And let the peace of God rule in your hearts, to the which also ye are called in one body; and be ye thankful.
The kingdom of heaven is likened unto a man which sowed good seed in his field: but while men slept, his enemy came and sowed tares among the wheat… Wilt thou then that we go and gather them up? But he said, Nay; lest while ye gather up the tares, ye root up also the wheat with them.
As most of you know I spent several years in a psychiatric hospital as their chaplain. (Wow! I’m still getting milage out of that!) I loved the work and coming to All Saints made me feel right at home. There was a nurse there that I’ll never forget. She was Irish and Roman Catholic. She was somewhere between my generation and my parents’. Frieda used to kid around with me, lecturing me all the time on the big mistake that England made by, in her words, leaving Holy Mother Church. By which she meant Rome. When she recited the Nicene Creed proclaiming her belief in “one, holy, catholic, and apostolic church,” she meant Rome. I had fun with her as well. Every time she would refer to “the Catholic church,” I would add, “You mean the Roman Catholic church, right? Because I wouldn’t want you to think that the Roman Catholic Church was the only Catholic Church.”
Frieda grew up in Ireland. She was a middle child in a very large family. And a very poor family. Her mother and father could not keep the family together. Frieda was placed in an orphanage run by Roman Catholic nuns. Separated not only from her mother and father, but from her brothers and sisters as well, she learned to make a place in her young life for a profound grief that was pretty much there to stay. And yet Frieda was not a gloomy person. Of all the nurses Frieda was the one you would want to hang out with because she was fun and cheerful.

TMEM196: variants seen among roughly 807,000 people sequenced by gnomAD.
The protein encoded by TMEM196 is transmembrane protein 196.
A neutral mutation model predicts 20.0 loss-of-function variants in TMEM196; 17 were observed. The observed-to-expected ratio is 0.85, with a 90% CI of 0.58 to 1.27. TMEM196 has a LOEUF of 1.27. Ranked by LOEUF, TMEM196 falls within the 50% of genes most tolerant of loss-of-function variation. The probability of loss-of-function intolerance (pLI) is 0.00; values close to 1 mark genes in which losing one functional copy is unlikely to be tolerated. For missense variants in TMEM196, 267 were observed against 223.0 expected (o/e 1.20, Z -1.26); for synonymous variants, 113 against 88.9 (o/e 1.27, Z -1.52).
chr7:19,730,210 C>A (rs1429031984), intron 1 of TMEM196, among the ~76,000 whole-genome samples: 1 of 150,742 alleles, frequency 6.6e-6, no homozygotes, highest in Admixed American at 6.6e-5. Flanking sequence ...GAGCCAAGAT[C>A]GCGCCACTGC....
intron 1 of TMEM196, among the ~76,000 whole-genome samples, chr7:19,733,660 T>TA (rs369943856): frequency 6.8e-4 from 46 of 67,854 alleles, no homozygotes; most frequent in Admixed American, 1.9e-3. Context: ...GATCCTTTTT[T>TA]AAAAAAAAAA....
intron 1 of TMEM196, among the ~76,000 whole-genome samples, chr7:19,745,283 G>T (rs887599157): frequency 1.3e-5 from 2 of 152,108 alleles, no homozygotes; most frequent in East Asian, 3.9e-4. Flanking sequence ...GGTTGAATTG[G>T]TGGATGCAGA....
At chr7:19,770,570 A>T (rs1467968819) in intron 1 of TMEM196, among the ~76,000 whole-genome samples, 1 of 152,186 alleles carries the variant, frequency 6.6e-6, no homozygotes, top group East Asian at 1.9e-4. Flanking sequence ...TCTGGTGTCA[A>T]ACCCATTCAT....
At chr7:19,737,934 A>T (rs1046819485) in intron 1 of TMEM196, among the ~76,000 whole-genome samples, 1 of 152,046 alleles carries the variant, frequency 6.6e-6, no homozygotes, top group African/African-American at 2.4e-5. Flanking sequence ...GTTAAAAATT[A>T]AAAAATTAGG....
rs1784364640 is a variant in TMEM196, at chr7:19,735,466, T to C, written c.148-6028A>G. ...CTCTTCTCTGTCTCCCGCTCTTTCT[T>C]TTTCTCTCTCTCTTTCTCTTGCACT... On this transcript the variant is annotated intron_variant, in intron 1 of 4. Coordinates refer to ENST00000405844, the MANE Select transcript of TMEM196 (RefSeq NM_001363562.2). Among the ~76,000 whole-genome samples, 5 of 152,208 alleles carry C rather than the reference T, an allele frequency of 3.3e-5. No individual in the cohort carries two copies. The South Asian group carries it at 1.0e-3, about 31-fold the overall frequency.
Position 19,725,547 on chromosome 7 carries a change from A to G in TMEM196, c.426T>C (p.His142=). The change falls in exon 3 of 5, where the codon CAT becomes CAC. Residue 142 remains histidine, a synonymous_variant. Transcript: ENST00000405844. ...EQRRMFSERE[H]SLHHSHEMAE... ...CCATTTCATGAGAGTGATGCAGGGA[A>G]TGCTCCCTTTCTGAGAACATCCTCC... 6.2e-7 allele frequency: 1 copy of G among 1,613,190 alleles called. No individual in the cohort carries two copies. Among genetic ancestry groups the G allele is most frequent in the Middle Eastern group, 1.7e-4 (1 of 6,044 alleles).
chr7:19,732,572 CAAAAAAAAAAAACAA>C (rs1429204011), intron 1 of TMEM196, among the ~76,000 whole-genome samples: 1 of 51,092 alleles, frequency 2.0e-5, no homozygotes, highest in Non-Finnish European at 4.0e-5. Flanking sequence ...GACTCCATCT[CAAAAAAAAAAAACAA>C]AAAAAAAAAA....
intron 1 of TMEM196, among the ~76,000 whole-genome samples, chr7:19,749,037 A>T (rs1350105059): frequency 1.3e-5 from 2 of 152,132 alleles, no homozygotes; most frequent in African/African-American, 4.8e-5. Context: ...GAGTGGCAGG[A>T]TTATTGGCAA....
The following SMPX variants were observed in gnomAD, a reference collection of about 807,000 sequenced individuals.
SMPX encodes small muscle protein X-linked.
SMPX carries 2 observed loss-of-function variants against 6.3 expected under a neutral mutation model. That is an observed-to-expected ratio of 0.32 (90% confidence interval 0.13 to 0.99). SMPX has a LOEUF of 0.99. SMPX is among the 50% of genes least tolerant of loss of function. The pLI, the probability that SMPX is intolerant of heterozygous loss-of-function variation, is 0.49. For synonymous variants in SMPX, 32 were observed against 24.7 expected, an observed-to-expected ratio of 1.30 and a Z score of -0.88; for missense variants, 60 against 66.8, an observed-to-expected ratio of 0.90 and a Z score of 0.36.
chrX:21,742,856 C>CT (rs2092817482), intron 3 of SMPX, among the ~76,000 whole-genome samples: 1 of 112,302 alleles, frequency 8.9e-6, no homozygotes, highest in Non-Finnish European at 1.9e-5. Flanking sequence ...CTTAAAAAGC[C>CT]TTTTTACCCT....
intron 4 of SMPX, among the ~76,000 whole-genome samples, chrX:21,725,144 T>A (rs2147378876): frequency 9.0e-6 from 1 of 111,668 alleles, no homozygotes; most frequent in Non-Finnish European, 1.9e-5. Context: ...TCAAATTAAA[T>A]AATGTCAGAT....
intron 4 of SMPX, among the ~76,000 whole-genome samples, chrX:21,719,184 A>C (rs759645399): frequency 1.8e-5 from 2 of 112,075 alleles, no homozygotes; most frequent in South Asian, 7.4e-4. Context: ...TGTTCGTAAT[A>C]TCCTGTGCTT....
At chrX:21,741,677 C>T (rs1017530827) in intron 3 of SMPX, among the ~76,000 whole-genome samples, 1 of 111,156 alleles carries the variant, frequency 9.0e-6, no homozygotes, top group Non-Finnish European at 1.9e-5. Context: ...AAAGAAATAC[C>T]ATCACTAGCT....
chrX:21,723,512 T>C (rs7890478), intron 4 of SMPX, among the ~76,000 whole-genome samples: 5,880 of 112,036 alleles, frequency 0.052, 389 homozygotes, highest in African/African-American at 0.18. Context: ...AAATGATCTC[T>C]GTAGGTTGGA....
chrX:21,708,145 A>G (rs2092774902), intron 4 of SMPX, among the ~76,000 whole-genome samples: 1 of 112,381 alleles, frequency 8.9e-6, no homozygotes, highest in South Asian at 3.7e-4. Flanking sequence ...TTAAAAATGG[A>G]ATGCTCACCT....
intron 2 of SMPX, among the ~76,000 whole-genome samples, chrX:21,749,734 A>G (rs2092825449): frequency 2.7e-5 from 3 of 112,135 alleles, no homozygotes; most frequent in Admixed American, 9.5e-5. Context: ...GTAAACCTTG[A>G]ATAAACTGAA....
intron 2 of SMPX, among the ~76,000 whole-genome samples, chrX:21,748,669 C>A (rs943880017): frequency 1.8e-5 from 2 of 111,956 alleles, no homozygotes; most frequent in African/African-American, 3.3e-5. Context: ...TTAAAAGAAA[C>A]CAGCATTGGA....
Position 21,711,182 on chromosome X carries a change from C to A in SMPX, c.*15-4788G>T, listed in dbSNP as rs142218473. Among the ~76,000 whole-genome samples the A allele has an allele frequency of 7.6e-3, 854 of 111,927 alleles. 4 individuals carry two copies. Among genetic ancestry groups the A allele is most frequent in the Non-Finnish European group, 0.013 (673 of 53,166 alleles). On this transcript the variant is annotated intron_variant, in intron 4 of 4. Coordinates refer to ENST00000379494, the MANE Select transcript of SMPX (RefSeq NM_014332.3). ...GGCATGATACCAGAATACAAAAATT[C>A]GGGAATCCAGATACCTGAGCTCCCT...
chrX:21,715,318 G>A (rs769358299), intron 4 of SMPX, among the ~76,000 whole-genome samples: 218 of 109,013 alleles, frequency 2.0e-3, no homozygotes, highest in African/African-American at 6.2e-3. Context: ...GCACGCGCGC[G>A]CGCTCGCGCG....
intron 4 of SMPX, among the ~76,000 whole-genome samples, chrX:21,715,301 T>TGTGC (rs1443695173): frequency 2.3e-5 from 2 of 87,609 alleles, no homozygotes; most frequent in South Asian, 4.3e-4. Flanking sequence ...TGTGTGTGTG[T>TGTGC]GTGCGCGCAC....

At the orphanage, she was fed and clothed and encouraged in her schoolwork. And she grew especially close to Jesus. But there were days she would awake with a deep longing for her family. She wanted to be close to them, but these sad feelings and thoughts made her long all the more and feel all the more distant from them.
Now this is where I learned something important for my life and the lives of my parishioners from Nurse Frieda. When her heart was breaking and she couldn’t take it anymore, she would sneak out of her room and steal away into the orphanage chapel. She would pull back the frontal and crawl under the Altar and pull the frontal closed. She felt safe there and she would pray. And as she prayed to our Savior she felt less and less sad and more and more close to her family. You know why? Her mom and dad were good Catholics and they loved Jesus too. And they always went to Mass and they always said their prayer like the village priest had taught the children to do. Little Frieda thought prayer was like a rope, a connection, tied to a life preserver. Its like Jesus is holding all these ropes that other people are holding onto and prayer was like using that rope to pull in closer and closer to Jesus. Therefore this little girl reasoned, by drawing closer to Jesus she was also drawing closer to the people she loved who were doing the same thing. (I think she’s exactly right!) Frieda would pray until she fell asleep. When the nuns could not find Frieda they learned to pretty soon to go to the chapel and checked under the Altar.
My good friend learned at a tender age that our highest love and our highest loyalty belongs to Jesus and no one else. No one, but God, could really sooth our troubled hearts. We all need a home. A place of rest. A shelter from the storm.
Remember the question I have raised in the past and continue to raise: “How should the Church and her children behave in the world that not only does not share our horizon, but is frequently alien and hostile to our horizon?” And remember what a horizon is: a literal horizon is the limit of my vision from a specific point of reference. Looking out from the great window behind the Altar I can see just so far and the end of my vision is the end of my horizon. But if I climb to the top of the Bell Tower, my horizon will enlarge as I go up higher. The higher you ascend, the wider and deeper your horizon. That is our metaphor for your personal, existential horizon. Your personal horizon is not only the limit of your vision, but it is the limit of your knowledge, your loving, your caring and your valuing from a specific point of reference — that point of reference being you. It is your horizon. What I know, how I know, what I value, what I really care about, all my potentialities and possibilities are integrated into my personal horizon.